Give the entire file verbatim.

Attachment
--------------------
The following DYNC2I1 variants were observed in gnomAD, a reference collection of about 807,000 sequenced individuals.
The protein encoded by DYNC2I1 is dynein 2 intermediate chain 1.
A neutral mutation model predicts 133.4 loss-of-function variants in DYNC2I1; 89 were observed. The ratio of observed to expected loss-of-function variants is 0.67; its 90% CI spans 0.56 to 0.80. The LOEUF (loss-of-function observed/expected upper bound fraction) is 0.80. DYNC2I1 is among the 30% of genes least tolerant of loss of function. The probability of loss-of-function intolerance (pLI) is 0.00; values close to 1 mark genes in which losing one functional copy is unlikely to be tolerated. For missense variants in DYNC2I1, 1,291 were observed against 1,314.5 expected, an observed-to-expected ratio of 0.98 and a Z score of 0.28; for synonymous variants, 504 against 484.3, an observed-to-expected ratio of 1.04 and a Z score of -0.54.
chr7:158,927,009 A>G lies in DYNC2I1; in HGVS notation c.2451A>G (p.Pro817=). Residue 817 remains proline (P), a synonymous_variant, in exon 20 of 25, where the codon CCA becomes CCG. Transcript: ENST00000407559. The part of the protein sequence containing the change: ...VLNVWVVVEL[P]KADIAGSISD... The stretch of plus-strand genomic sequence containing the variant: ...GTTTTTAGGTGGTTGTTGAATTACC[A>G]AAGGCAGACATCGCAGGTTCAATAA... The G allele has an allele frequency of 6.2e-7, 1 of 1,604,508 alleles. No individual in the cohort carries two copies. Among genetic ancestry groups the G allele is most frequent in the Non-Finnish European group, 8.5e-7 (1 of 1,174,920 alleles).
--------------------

The following DYNC2I1 variants were observed in gnomAD, a reference collection of about 807,000 sequenced individuals.
The protein encoded by DYNC2I1 is dynein 2 intermediate chain 1.
A neutral mutation model predicts 133.4 loss-of-function variants in DYNC2I1; 89 were observed. The ratio of observed to expected loss-of-function variants is 0.67; its 90% CI spans 0.56 to 0.80. The LOEUF (loss-of-function observed/expected upper bound fraction) is 0.80. DYNC2I1 is among the 30% of genes least tolerant of loss of function. The probability of loss-of-function intolerance (pLI) is 0.00; values close to 1 mark genes in which losing one functional copy is unlikely to be tolerated. For missense variants in DYNC2I1, 1,291 were observed against 1,314.5 expected, an observed-to-expected ratio of 0.98 and a Z score of 0.28; for synonymous variants, 504 against 484.3, an observed-to-expected ratio of 1.04 and a Z score of -0.54.
chr7:158,927,009 A>G lies in DYNC2I1; in HGVS notation c.2451A>G (p.Pro817=). Residue 817 remains proline (P), a synonymous_variant, in exon 20 of 25, where the codon CCA becomes CCG. Transcript: ENST00000407559. The part of the protein sequence containing the change: ...VLNVWVVVEL[P]KADIAGSISD... The stretch of plus-strand genomic sequence containing the variant: ...GTTTTTAGGTGGTTGTTGAATTACC[A>G]AAGGCAGACATCGCAGGTTCAATAA... The G allele has an allele frequency of 6.2e-7, 1 of 1,604,508 alleles. No individual in the cohort carries two copies. Among genetic ancestry groups the G allele is most frequent in the Non-Finnish European group, 8.5e-7 (1 of 1,174,920 alleles).